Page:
All fixed film system rely on a "host" surface for a microbial colony that forms a biofilm. The standard film is represented in the graph below and is found in all variations of fixed film systems.
I am going to do a series of posts on each of the fixed film system technologies with the goal being to give a general overview of the technology and most importantly the pros and cons of each. Today I am going to start with the oldest of the fixed film technologies - the trickling filter.
The oldest of the fixed film system is the trickling filter. The most basic systems spray influent over rocks or other media contained in a tower. Treatment capacity and efficiency can be mproved by adding blowers to provide additional oxygen to the lower levels of the tower. Existing trickling filters can also be improved by utilizing newer, higher surface area plastic media rather than rock or other traditional media. Other mostly industrial trickling filters, recycle biologial solids from the secondary clarifier to "re-seed" biomass to the front of the system.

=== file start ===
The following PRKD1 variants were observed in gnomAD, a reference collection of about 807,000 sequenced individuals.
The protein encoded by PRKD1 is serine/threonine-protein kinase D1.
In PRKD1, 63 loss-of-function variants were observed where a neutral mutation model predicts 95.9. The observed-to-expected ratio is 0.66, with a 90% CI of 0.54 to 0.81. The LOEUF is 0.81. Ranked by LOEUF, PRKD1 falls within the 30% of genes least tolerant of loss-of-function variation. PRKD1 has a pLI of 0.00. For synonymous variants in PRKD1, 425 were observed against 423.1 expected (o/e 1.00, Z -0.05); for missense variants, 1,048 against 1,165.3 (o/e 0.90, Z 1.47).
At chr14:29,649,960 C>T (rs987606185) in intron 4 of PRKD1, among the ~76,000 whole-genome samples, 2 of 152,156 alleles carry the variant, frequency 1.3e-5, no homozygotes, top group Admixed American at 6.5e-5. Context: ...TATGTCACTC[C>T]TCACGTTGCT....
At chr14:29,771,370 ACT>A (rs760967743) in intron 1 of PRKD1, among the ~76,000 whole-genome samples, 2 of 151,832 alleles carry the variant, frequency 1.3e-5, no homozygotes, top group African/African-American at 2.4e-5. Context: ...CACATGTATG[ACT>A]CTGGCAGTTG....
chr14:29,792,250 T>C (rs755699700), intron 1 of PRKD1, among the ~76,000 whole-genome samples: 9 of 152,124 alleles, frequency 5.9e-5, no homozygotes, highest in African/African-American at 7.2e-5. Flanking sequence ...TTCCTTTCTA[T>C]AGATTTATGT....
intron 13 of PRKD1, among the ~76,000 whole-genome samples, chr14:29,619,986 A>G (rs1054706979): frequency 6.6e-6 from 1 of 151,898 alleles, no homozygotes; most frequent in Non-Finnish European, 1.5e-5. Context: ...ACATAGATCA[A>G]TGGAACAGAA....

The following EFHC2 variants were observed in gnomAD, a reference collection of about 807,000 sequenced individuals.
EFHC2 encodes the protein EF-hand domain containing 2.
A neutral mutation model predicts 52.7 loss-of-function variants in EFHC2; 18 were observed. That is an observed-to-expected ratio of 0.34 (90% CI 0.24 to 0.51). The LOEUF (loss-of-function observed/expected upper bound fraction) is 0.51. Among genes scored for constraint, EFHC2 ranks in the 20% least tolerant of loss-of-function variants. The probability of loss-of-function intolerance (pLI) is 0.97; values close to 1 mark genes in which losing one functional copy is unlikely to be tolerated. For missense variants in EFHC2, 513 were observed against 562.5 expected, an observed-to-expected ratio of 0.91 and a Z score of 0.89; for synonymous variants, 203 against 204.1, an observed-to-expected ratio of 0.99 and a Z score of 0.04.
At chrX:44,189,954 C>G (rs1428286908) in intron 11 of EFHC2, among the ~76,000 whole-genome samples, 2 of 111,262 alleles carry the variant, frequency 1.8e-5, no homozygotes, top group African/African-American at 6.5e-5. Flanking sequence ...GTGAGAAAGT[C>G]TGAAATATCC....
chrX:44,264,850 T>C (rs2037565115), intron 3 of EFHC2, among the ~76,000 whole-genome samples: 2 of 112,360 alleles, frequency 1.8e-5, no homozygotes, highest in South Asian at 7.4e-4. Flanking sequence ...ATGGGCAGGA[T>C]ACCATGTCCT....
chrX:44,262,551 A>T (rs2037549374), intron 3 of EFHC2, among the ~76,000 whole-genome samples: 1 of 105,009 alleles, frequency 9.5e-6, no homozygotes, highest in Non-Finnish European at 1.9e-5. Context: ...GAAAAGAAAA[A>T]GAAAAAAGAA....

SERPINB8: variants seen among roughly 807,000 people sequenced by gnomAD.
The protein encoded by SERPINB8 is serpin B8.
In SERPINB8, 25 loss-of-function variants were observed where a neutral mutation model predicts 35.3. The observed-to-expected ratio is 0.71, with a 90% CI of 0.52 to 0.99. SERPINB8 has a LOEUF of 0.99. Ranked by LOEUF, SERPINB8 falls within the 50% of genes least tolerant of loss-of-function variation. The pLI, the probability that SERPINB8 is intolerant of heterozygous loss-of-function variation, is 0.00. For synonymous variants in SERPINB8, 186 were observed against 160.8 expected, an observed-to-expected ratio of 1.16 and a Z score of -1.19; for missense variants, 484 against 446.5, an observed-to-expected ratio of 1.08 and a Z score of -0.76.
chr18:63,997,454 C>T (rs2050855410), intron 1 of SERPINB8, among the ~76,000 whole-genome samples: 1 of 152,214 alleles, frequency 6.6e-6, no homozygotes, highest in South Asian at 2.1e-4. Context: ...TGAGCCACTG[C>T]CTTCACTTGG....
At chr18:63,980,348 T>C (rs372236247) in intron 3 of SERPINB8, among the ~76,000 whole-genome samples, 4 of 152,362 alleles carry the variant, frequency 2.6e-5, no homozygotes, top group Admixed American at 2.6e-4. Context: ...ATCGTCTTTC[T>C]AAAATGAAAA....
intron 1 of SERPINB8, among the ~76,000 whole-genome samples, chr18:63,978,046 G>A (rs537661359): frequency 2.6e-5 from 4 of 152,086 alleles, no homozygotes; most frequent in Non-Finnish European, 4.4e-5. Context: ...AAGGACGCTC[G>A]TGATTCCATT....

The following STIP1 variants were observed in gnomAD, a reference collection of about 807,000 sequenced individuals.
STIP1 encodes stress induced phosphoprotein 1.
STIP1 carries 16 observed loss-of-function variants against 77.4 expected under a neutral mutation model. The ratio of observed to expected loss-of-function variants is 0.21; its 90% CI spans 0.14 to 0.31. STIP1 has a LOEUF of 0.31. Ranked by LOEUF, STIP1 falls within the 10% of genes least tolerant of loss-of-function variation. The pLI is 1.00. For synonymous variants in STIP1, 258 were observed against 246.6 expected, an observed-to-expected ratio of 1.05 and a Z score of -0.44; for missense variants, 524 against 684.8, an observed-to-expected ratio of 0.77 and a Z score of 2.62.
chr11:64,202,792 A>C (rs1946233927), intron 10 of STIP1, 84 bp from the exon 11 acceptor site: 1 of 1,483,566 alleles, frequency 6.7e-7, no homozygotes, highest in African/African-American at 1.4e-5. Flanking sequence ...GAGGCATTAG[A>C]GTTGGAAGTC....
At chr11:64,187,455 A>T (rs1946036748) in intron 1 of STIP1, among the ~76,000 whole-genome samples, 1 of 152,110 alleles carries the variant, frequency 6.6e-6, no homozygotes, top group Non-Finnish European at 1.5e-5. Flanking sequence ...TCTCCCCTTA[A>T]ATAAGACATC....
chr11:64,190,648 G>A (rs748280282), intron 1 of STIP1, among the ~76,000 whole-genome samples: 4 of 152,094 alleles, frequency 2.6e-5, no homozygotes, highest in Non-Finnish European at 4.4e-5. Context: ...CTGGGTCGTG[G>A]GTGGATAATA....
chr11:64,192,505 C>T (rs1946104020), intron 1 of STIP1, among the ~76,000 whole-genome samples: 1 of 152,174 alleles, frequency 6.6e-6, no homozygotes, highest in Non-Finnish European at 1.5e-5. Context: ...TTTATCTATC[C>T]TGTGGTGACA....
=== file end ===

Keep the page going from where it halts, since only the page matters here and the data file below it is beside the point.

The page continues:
- Simple, durable system
- Good efficiency at BOD and Ammonia removal
- Low power use
- Limited flexibility
- Not well buffered for shock loadings or spills
- Plugging or clogging of media
- Potential media fouling by substances such as oils & grease
- Nuisance flies
Expected Treatment Efficiency
Loading (kg BOD/100 m3/day) BOD Removal %
Low Rate Filters 40 80 - 90%
Intermediate Rate 64 65 - 85%
High Rate 160 50 - 75%
Roughing Filters 480 40 - 65%